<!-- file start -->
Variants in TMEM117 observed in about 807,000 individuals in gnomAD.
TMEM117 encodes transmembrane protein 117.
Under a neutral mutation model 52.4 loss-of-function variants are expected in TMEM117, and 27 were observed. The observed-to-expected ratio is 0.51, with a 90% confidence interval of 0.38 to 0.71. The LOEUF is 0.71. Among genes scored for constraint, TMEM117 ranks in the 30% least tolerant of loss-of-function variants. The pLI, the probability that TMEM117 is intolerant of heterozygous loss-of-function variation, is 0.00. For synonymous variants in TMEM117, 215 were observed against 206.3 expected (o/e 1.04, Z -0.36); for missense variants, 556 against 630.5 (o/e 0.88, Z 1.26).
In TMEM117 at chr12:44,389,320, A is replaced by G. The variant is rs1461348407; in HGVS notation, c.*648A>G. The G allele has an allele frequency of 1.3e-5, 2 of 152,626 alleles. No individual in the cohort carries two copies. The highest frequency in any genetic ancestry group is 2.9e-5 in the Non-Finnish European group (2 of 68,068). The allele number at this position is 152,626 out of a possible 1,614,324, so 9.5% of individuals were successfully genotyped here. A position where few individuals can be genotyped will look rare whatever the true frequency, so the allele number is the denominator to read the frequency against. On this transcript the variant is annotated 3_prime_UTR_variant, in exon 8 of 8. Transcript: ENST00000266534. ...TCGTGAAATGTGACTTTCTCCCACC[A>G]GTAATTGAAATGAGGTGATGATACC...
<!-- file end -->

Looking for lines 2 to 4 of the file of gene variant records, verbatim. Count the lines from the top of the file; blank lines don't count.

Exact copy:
TMEM117 encodes transmembrane protein 117.
Under a neutral mutation model 52.4 loss-of-function variants are expected in TMEM117, and 27 were observed. The observed-to-expected ratio is 0.51, with a 90% confidence interval of 0.38 to 0.71. The LOEUF is 0.71. Among genes scored for constraint, TMEM117 ranks in the 30% least tolerant of loss-of-function variants. The pLI, the probability that TMEM117 is intolerant of heterozygous loss-of-function variation, is 0.00. For synonymous variants in TMEM117, 215 were observed against 206.3 expected (o/e 1.04, Z -0.36); for missense variants, 556 against 630.5 (o/e 0.88, Z 1.26).
In TMEM117 at chr12:44,389,320, A is replaced by G. The variant is rs1461348407; in HGVS notation, c.*648A>G. The G allele has an allele frequency of 1.3e-5, 2 of 152,626 alleles. No individual in the cohort carries two copies. The highest frequency in any genetic ancestry group is 2.9e-5 in the Non-Finnish European group (2 of 68,068). The allele number at this position is 152,626 out of a possible 1,614,324, so 9.5% of individuals were successfully genotyped here. A position where few individuals can be genotyped will look rare whatever the true frequency, so the allele number is the denominator to read the frequency against. On this transcript the variant is annotated 3_prime_UTR_variant, in exon 8 of 8. Transcript: ENST00000266534. ...TCGTGAAATGTGACTTTCTCCCACC[A>G]GTAATTGAAATGAGGTGATGATACC...